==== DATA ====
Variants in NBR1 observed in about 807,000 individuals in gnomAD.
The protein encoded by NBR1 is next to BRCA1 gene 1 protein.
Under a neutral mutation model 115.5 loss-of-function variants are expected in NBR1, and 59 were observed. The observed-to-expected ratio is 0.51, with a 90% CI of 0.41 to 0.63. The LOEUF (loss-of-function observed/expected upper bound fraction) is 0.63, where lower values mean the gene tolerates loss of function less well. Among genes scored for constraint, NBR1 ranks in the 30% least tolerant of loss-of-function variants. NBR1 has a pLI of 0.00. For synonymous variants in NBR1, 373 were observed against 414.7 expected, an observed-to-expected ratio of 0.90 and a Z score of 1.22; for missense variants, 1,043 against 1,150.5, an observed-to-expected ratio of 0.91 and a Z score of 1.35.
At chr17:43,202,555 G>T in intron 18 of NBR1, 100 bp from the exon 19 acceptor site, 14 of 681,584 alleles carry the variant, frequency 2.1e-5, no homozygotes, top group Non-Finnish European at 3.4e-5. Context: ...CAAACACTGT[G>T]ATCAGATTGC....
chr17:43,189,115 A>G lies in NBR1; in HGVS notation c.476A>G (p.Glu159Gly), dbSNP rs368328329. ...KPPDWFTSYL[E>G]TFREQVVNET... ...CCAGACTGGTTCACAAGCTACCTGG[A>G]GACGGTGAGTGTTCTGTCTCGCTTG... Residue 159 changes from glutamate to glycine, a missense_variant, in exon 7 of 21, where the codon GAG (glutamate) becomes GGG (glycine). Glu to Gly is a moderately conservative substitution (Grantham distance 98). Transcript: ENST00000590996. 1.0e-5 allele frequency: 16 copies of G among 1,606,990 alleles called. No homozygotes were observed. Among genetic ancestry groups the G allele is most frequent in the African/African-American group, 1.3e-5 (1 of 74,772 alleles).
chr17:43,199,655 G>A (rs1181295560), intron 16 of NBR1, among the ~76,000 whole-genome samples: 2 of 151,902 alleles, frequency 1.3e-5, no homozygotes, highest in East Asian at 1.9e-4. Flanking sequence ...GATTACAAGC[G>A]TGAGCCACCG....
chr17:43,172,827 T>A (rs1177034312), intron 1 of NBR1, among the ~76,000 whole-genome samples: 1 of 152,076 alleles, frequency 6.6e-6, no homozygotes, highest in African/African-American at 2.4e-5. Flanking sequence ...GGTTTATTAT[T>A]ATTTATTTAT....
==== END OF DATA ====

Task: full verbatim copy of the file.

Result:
Variants in NBR1 observed in about 807,000 individuals in gnomAD.
The protein encoded by NBR1 is next to BRCA1 gene 1 protein.
Under a neutral mutation model 115.5 loss-of-function variants are expected in NBR1, and 59 were observed. The observed-to-expected ratio is 0.51, with a 90% CI of 0.41 to 0.63. The LOEUF (loss-of-function observed/expected upper bound fraction) is 0.63, where lower values mean the gene tolerates loss of function less well. Among genes scored for constraint, NBR1 ranks in the 30% least tolerant of loss-of-function variants. NBR1 has a pLI of 0.00. For synonymous variants in NBR1, 373 were observed against 414.7 expected, an observed-to-expected ratio of 0.90 and a Z score of 1.22; for missense variants, 1,043 against 1,150.5, an observed-to-expected ratio of 0.91 and a Z score of 1.35.
At chr17:43,202,555 G>T in intron 18 of NBR1, 100 bp from the exon 19 acceptor site, 14 of 681,584 alleles carry the variant, frequency 2.1e-5, no homozygotes, top group Non-Finnish European at 3.4e-5. Context: ...CAAACACTGT[G>T]ATCAGATTGC....
chr17:43,189,115 A>G lies in NBR1; in HGVS notation c.476A>G (p.Glu159Gly), dbSNP rs368328329. ...KPPDWFTSYL[E>G]TFREQVVNET... ...CCAGACTGGTTCACAAGCTACCTGG[A>G]GACGGTGAGTGTTCTGTCTCGCTTG... Residue 159 changes from glutamate to glycine, a missense_variant, in exon 7 of 21, where the codon GAG (glutamate) becomes GGG (glycine). Glu to Gly is a moderately conservative substitution (Grantham distance 98). Transcript: ENST00000590996. 1.0e-5 allele frequency: 16 copies of G among 1,606,990 alleles called. No homozygotes were observed. Among genetic ancestry groups the G allele is most frequent in the African/African-American group, 1.3e-5 (1 of 74,772 alleles).
chr17:43,199,655 G>A (rs1181295560), intron 16 of NBR1, among the ~76,000 whole-genome samples: 2 of 151,902 alleles, frequency 1.3e-5, no homozygotes, highest in East Asian at 1.9e-4. Flanking sequence ...GATTACAAGC[G>A]TGAGCCACCG....
chr17:43,172,827 T>A (rs1177034312), intron 1 of NBR1, among the ~76,000 whole-genome samples: 1 of 152,076 alleles, frequency 6.6e-6, no homozygotes, highest in African/African-American at 2.4e-5. Flanking sequence ...GGTTTATTAT[T>A]ATTTATTTAT....